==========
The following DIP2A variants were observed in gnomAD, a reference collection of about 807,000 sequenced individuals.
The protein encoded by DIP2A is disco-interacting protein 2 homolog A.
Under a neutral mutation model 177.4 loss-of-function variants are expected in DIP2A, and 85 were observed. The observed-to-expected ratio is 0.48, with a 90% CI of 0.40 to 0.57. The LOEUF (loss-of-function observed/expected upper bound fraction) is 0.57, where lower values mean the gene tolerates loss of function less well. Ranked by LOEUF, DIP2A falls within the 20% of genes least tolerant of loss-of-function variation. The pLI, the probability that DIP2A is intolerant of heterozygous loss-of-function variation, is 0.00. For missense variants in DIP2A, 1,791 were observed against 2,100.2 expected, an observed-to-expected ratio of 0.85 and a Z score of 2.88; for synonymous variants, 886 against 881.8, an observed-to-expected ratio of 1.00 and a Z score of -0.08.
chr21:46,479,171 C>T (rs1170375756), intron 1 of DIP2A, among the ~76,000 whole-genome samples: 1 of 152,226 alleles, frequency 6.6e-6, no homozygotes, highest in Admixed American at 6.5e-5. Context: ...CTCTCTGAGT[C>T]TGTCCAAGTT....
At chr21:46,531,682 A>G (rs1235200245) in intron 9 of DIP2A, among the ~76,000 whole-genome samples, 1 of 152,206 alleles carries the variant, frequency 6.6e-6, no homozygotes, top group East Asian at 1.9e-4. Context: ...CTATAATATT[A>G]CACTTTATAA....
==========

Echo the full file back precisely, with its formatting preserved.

The following DIP2A variants were observed in gnomAD, a reference collection of about 807,000 sequenced individuals.
The protein encoded by DIP2A is disco-interacting protein 2 homolog A.
Under a neutral mutation model 177.4 loss-of-function variants are expected in DIP2A, and 85 were observed. The observed-to-expected ratio is 0.48, with a 90% CI of 0.40 to 0.57. The LOEUF (loss-of-function observed/expected upper bound fraction) is 0.57, where lower values mean the gene tolerates loss of function less well. Ranked by LOEUF, DIP2A falls within the 20% of genes least tolerant of loss-of-function variation. The pLI, the probability that DIP2A is intolerant of heterozygous loss-of-function variation, is 0.00. For missense variants in DIP2A, 1,791 were observed against 2,100.2 expected, an observed-to-expected ratio of 0.85 and a Z score of 2.88; for synonymous variants, 886 against 881.8, an observed-to-expected ratio of 1.00 and a Z score of -0.08.
chr21:46,479,171 C>T (rs1170375756), intron 1 of DIP2A, among the ~76,000 whole-genome samples: 1 of 152,226 alleles, frequency 6.6e-6, no homozygotes, highest in Admixed American at 6.5e-5. Context: ...CTCTCTGAGT[C>T]TGTCCAAGTT....
At chr21:46,531,682 A>G (rs1235200245) in intron 9 of DIP2A, among the ~76,000 whole-genome samples, 1 of 152,206 alleles carries the variant, frequency 6.6e-6, no homozygotes, top group East Asian at 1.9e-4. Context: ...CTATAATATT[A>G]CACTTTATAA....